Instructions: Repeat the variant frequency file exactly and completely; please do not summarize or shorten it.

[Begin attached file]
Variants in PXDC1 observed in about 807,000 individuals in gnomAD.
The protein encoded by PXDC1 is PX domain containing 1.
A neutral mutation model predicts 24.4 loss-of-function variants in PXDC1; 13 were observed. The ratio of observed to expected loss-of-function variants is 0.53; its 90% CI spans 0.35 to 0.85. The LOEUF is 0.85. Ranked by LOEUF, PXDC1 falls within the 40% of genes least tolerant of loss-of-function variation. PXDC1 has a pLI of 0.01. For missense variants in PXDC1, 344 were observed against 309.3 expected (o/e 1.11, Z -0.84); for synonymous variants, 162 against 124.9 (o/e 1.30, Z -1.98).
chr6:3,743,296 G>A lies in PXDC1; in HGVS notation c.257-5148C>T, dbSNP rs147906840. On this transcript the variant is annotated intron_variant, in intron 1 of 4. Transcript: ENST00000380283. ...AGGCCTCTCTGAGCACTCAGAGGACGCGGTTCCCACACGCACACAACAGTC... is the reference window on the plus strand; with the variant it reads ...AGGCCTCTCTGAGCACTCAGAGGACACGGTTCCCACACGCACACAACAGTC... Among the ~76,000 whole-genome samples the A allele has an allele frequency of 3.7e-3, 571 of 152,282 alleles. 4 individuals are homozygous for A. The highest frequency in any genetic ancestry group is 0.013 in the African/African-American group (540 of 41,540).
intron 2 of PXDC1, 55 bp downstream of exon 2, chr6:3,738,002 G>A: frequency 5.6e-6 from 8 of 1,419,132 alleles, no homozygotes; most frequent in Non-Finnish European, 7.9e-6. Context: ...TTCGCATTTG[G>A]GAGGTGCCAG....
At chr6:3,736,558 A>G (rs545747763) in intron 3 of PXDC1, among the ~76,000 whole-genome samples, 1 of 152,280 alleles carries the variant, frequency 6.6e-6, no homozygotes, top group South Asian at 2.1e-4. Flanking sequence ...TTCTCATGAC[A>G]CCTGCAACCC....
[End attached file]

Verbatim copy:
Variants in PXDC1 observed in about 807,000 individuals in gnomAD.
The protein encoded by PXDC1 is PX domain containing 1.
A neutral mutation model predicts 24.4 loss-of-function variants in PXDC1; 13 were observed. The ratio of observed to expected loss-of-function variants is 0.53; its 90% CI spans 0.35 to 0.85. The LOEUF is 0.85. Ranked by LOEUF, PXDC1 falls within the 40% of genes least tolerant of loss-of-function variation. PXDC1 has a pLI of 0.01. For missense variants in PXDC1, 344 were observed against 309.3 expected (o/e 1.11, Z -0.84); for synonymous variants, 162 against 124.9 (o/e 1.30, Z -1.98).
chr6:3,743,296 G>A lies in PXDC1; in HGVS notation c.257-5148C>T, dbSNP rs147906840. On this transcript the variant is annotated intron_variant, in intron 1 of 4. Transcript: ENST00000380283. ...AGGCCTCTCTGAGCACTCAGAGGACGCGGTTCCCACACGCACACAACAGTC... is the reference window on the plus strand; with the variant it reads ...AGGCCTCTCTGAGCACTCAGAGGACACGGTTCCCACACGCACACAACAGTC... Among the ~76,000 whole-genome samples the A allele has an allele frequency of 3.7e-3, 571 of 152,282 alleles. 4 individuals are homozygous for A. The highest frequency in any genetic ancestry group is 0.013 in the African/African-American group (540 of 41,540).
intron 2 of PXDC1, 55 bp downstream of exon 2, chr6:3,738,002 G>A: frequency 5.6e-6 from 8 of 1,419,132 alleles, no homozygotes; most frequent in Non-Finnish European, 7.9e-6. Context: ...TTCGCATTTG[G>A]GAGGTGCCAG....
At chr6:3,736,558 A>G (rs545747763) in intron 3 of PXDC1, among the ~76,000 whole-genome samples, 1 of 152,280 alleles carries the variant, frequency 6.6e-6, no homozygotes, top group South Asian at 2.1e-4. Flanking sequence ...TTCTCATGAC[A>G]CCTGCAACCC....